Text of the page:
Chronic Pain

Chronic pain refers to pain that has been present for six months or more. Chronic pain may result from a previous injury or come on without any known history of an accident, injury, or disorder.

Common conditions leading to chronic pain include: chronic fatigue syndrome, endometriosis, fibromyalgia, inflammatory bowel disease, interstitial cystitis, TMJ disorders, and vulvodynia. With the presence of chronic pain comes anxiety, stress, depression, fear, and other emotions that can be debilitating to a patient, interfering with one’s ability to perform work tasks, participate in recreational and sporting activities, take care of children, perform household chores and daily activities, or even sleep. The added stress placed on a patient with chronic pain can in turn effect a patient’s immune system and ability to heal, increasing the intensity and frequency of the pain.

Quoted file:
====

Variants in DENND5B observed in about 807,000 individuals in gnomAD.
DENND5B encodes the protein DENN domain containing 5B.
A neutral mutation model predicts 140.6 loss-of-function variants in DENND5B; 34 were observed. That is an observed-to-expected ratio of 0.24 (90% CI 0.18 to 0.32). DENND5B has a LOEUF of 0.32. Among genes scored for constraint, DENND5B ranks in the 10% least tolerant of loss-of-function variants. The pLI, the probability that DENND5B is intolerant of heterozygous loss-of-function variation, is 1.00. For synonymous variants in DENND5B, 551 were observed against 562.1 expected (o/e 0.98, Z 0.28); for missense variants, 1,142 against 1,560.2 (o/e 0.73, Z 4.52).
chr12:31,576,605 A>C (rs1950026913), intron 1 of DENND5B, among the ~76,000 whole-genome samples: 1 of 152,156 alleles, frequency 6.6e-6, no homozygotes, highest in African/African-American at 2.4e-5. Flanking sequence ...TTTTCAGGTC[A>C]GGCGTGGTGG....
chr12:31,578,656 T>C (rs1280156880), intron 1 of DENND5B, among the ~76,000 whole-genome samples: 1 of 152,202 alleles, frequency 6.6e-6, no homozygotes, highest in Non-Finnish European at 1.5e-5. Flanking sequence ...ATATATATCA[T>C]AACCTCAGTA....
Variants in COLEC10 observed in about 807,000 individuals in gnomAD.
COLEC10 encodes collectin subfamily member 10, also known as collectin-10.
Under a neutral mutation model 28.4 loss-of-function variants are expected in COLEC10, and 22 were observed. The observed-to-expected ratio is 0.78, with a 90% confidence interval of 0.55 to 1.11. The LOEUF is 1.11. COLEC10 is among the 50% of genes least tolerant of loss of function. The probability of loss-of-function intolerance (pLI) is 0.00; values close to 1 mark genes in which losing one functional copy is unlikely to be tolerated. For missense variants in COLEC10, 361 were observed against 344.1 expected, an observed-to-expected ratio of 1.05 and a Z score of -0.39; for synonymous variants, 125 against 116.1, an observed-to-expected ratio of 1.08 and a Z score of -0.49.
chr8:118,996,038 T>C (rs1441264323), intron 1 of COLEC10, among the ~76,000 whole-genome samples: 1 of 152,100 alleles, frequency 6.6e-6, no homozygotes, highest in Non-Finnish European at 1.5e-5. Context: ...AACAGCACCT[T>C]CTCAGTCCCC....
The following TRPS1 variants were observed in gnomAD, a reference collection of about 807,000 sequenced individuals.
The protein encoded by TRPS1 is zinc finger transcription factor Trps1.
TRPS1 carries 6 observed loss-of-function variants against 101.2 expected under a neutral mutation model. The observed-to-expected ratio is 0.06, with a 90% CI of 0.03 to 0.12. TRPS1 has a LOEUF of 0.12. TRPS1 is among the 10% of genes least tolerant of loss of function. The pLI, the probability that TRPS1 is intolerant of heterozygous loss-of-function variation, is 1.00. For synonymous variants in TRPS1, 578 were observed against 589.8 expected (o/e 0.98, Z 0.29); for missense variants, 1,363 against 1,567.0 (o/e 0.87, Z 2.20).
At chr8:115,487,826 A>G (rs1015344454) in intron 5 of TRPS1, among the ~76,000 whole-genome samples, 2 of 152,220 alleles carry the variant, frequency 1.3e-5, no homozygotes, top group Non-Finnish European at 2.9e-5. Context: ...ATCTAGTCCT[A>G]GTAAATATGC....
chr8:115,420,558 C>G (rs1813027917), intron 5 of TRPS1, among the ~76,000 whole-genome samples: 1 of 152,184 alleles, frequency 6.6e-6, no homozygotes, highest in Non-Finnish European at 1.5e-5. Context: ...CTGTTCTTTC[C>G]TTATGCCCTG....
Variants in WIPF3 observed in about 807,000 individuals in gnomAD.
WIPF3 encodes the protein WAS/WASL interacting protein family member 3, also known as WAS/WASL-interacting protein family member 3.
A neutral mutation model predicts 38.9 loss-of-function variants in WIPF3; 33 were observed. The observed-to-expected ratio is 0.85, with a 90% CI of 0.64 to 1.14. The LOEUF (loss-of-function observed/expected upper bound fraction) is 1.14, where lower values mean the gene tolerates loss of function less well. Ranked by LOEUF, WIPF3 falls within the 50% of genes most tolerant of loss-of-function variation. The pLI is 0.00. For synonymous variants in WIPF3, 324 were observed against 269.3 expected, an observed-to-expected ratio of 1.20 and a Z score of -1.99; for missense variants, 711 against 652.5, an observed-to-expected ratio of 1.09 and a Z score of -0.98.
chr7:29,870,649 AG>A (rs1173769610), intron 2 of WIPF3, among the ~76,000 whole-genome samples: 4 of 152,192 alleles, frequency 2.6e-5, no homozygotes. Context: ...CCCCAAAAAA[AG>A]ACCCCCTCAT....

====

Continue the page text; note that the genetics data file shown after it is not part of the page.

This creates a vicious pain cycle. Since each patient will present with a unique set of symptoms, the therapist may utilize many different techniques to help the patient manage his/her pain. Some of these techniques include: soft tissue mobilization, myofascial release, visceral mobilizations, joint mobilizations, neuro re-education, relaxation techniques, breathing exercises, postural correction, compensation techniques, modalities, etc. It is important for the patient to understand his/her pain and what to expect from therapy; therefore patient education plays a major role in our treatment of chronic pain conditions.